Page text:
Helme church parish was first mentioned in 1329 during a Lithuanian raid. Most of the neighbouring land was fiefed in the 15th–16th centuries. Livonian Order castle in Helme (Ordensburg Helmet) was probably built in the first half of the 14th century. The site on a steep hill is belived to have been used as a stronghold earlier by Sackalians in the Ancient Estonia. By its ground plan the order castle was 120×60 m oval shaped structure, surrounded by two moats. There was a borough beside the castle in the Middle ages, it was mentioned until the 17th century. The castle was destroyed by the Swedes during the Russo-Swedish War in 1658. Nowadays only parts of the walls with high window holes have survived.

Reference: Wikipedia

Comments

Your name

Website (optional)



Details

Founded: ca. 1330
Category: Ruins in Estonia
Historical period: Danish and Livonian Order (Estonia)

Rating

5/5 (based on Google user reviews)

User Reviews

rs agarwaen (2 years ago)
Розалия Подгорная (2 years ago)
Замок Хельм - это пример европейской "эстетики руин". Всё сохранено в том виде, в каком дошло до нас за сотни лет. Можно спуститься вниз и посмотреть небольшую пещеру в белом песчанике.
Cam Graves (3 years ago)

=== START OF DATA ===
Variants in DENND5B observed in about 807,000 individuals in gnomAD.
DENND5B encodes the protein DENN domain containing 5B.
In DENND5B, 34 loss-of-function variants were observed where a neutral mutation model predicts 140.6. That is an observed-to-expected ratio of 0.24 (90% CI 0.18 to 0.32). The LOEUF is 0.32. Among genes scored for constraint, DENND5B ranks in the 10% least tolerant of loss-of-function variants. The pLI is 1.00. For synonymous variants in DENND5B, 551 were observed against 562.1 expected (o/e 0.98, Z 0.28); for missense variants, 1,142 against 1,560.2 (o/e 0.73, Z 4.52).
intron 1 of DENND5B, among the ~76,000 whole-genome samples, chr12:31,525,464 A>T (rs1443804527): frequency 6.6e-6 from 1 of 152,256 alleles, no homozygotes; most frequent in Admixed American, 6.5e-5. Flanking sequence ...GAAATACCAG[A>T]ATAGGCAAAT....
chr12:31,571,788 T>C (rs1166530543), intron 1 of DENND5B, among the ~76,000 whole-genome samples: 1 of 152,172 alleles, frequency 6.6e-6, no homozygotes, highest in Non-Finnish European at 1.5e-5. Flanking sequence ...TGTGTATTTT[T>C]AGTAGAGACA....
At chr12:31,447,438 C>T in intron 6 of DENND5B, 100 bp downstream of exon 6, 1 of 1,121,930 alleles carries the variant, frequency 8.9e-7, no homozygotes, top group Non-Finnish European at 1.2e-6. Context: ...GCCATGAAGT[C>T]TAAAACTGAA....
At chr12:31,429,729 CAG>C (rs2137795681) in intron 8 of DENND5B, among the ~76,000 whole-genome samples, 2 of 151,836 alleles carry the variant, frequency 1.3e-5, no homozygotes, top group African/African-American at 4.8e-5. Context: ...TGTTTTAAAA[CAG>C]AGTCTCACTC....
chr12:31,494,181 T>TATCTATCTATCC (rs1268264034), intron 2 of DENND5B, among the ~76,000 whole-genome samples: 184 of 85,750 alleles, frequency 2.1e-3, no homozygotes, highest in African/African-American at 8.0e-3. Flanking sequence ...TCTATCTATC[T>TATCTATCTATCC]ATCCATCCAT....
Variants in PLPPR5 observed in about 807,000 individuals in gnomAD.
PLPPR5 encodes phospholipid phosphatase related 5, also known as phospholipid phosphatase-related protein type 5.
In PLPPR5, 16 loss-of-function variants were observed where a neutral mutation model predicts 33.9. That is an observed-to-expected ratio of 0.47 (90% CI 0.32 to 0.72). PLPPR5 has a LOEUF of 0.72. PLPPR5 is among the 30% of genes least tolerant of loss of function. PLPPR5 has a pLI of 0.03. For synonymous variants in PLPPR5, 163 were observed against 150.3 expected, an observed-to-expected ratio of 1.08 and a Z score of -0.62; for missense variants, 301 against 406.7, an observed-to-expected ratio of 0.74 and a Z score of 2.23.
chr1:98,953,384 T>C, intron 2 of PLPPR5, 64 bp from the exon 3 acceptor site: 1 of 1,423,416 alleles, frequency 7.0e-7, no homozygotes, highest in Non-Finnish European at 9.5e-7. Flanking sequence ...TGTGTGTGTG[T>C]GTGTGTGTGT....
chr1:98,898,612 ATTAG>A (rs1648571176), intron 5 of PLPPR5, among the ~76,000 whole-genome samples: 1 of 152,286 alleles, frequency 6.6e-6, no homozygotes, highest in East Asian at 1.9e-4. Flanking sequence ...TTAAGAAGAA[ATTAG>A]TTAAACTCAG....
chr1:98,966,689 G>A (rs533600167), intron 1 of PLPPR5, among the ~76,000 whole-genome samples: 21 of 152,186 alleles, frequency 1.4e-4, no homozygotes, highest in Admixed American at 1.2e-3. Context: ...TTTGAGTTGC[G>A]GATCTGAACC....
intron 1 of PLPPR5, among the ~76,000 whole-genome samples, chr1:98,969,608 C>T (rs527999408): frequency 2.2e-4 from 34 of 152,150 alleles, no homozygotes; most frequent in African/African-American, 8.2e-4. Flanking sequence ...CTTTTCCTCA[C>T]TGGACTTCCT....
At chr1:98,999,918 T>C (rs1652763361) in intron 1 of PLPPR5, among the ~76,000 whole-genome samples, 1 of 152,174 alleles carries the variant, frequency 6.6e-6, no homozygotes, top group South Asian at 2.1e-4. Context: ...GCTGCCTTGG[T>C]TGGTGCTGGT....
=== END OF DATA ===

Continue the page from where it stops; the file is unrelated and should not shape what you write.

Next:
Nice short walk of 20 minutes to break up your journey. Very scenic with some of the ruins of the former castle. Currently there is some restoration works in progress.
Marko B (3 years ago)
Kunagi ammu on väga võimas linnus olnud, vääriks taastamist.
Tanel Aavistu (4 years ago)
Väga hästi säilinud varemed, tasub kindlasti ära käia. Vaatamisväärt.
Powered by Google

Featured Historic Landmarks, Sites & Buildings

Historic Site of the week

Ängsö Castle

Ängsö Castle was first named as "Engsev" in a royal charter by king Canute I of Sweden (r. 1167-1196), in which he stated that he had inherited the property after his father Eric IX of Sweden. Until 1272, it was owned by the Riseberga Abbey, and then taken over by Gregers Birgersson.

From 1475 until 1710, it was owned by the Sparre family. The current castle was built as a fortress by riksråd Bengt Fadersson Sparre in the 1480s. In 1522, Ängsö Castle was taken after a siege by king Gustav Vasa, since its owner, Fadersson's son Knut Bengtsson, sided with Christian II of Denmark. However, in 1538 it was given by the king to Bengtsson's daughter Hillevi Knutsdotter, who was married to Arvid Trolle.

In 1710, the castle was taken over by Carl Piper and Christina Piper. Ängsö Castle was owned by the Piper family from 1710 until 1971, and is now owned by the Westmanna foundation. The castle building itself was made into a museum in 1959 and was made a listed building in 1965. It is currently opened to visitors during the summers.

The castle is a cubical building in four stores made by stone and bricks. The lower parts is preserved from the middle ages. It was redecorated and expanded in the 1630s. The 4th storey as well as the roof is from the expansion of Carl Hårleman from 1740-41. It gained its current appearance in the 1740s.